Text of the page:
Charitable giving has been top of the mind for many Americans during the past 12 months. Billions of dollars have been raised for relief efforts as Hurricanes Katrina and Rita devastated the Gulf Coast states, the post-Christmas tsunami delivered unprecedented human suffering to the Pacific Rim, and wars in the Middle East and Africa created widespread misery.
And while many people dig deeper to help those in need both at home and abroad, some also want to make a difference over the long term–leaving a financial legacy to benefit worthy causes far into the future.
You can help clients make the most of their personal giving by introducing them to charitable giving with life insurance. Depending upon your client’s age and health, the premiums for a life insurance policy may represent just a small portion of the death benefit ultimately received by his or her favorite charity. As a result, a life insurance death benefit can provide a significantly larger gift to the charity than gifts of cash or property.
There is an extra incentive to give between now and the end of the year. Congress passed the Katrina Emergency Tax Relief Act earlier this year to promote charitable donations in support of relief efforts for hurricane victims. Donors to public charities supporting Katrina relief can take deductions for those gifts up to 100% of their adjusted gross income until the end of 2005.
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Those deductions also apply to gifts of life insurance. But whatever the charity, your client can choose a policy that insures his or her life. Or, if married, the client can purchase a survivorship policy that insures both spouses and pays the death benefit after the second death.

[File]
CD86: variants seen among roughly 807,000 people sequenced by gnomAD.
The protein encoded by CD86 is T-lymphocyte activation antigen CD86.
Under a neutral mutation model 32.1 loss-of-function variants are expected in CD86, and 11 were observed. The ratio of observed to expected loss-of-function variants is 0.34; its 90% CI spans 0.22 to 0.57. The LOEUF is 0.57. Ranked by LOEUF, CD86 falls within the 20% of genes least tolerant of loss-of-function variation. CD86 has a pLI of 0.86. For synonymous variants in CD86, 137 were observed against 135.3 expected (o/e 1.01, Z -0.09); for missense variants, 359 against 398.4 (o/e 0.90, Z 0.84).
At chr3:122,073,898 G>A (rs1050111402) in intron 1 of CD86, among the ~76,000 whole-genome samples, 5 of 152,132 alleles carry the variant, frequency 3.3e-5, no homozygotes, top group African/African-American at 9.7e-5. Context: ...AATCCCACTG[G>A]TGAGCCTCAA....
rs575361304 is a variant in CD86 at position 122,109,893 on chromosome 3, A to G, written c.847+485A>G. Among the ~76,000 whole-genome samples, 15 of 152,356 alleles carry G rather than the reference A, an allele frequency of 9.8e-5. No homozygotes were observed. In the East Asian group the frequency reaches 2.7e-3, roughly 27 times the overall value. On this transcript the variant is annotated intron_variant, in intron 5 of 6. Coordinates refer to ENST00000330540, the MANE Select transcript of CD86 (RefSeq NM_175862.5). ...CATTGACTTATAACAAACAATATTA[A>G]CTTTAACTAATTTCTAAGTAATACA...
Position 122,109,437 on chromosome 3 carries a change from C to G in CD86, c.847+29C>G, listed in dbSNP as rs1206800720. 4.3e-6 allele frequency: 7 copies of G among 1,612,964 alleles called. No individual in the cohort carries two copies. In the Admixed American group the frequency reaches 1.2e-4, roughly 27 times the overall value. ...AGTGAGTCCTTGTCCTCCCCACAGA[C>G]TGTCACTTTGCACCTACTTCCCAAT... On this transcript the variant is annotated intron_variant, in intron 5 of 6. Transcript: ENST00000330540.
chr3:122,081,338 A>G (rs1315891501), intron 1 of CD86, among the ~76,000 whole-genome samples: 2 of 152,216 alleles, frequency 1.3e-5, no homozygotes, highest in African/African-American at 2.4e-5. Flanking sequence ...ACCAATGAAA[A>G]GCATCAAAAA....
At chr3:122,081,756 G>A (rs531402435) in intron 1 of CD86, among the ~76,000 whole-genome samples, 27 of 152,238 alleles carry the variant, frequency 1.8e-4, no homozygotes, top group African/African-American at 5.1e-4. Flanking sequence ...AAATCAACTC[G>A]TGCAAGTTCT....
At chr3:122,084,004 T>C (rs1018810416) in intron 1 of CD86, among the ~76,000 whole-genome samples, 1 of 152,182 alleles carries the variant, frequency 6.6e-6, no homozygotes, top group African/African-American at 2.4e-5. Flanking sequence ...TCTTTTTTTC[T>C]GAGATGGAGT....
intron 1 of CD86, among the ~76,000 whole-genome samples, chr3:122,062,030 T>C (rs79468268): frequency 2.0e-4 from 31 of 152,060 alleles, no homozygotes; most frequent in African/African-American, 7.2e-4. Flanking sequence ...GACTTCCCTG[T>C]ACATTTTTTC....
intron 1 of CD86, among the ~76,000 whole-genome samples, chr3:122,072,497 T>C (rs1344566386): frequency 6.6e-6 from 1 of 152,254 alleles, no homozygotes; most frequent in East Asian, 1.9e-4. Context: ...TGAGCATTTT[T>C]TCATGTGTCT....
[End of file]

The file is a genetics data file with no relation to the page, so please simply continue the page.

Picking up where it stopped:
There are three possible scenarios:
Transfer an existing life insurance policy to the charity. If your client or their spouse already owns life insurance that is no longer necessary for personal needs, making a gift of the policy can be an attractive option. Many people discover that their life insurance needs change with financial and family circumstances. Of course, they need to make a comprehensive review of their financial needs before deciding to do this.
Tax benefits. The gift of an existing life insurance policy is income-tax deductible to the lesser of the fair market value of the policy or your client’s cost basis. Specific deduction limits apply as a percentage of your client’s adjusted gross income depending upon whether the charity is public or private. If public, the deduction generally may not exceed 50% of your client’s adjusted gross income. If the charity is private, the limit is 30% of AGI.
The charity purchases, owns and is the beneficiary of a new policy. The charity applies for and owns a policy insuring the life of your client, his or her spouse, or both, and is the beneficiary. Through cash gifts, your client supplies the charity with the means to pay the policy’s premiums.
Tax benefits. Your client may claim an income-tax deduction for gifts of cash to the charity for use as premium payments, subject to the same deduction limits for public and private charities. If your client remits the premium payments directly to the insurer instead of the charity, a 30% limit applies regardless of the type of charity involved. The conservative approach is to gift the premium amount to the charity and allow the charity to remit the premium amount to the insurance carrier.